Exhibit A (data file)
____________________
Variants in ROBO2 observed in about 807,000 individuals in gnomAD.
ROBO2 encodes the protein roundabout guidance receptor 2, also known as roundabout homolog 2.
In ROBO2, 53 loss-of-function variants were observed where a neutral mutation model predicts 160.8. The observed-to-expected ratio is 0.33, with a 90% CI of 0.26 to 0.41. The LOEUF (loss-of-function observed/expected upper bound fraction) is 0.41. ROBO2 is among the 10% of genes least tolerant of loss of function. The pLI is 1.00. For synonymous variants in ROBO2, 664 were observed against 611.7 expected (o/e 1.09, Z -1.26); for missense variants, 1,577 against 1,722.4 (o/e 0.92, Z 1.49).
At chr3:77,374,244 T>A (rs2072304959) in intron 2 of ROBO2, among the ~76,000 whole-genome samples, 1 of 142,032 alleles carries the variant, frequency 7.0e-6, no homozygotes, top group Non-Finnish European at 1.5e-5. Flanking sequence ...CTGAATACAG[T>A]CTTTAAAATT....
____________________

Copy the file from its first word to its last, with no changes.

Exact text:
Variants in ROBO2 observed in about 807,000 individuals in gnomAD.
ROBO2 encodes the protein roundabout guidance receptor 2, also known as roundabout homolog 2.
In ROBO2, 53 loss-of-function variants were observed where a neutral mutation model predicts 160.8. The observed-to-expected ratio is 0.33, with a 90% CI of 0.26 to 0.41. The LOEUF (loss-of-function observed/expected upper bound fraction) is 0.41. ROBO2 is among the 10% of genes least tolerant of loss of function. The pLI is 1.00. For synonymous variants in ROBO2, 664 were observed against 611.7 expected (o/e 1.09, Z -1.26); for missense variants, 1,577 against 1,722.4 (o/e 0.92, Z 1.49).
At chr3:77,374,244 T>A (rs2072304959) in intron 2 of ROBO2, among the ~76,000 whole-genome samples, 1 of 142,032 alleles carries the variant, frequency 7.0e-6, no homozygotes, top group Non-Finnish European at 1.5e-5. Flanking sequence ...CTGAATACAG[T>A]CTTTAAAATT....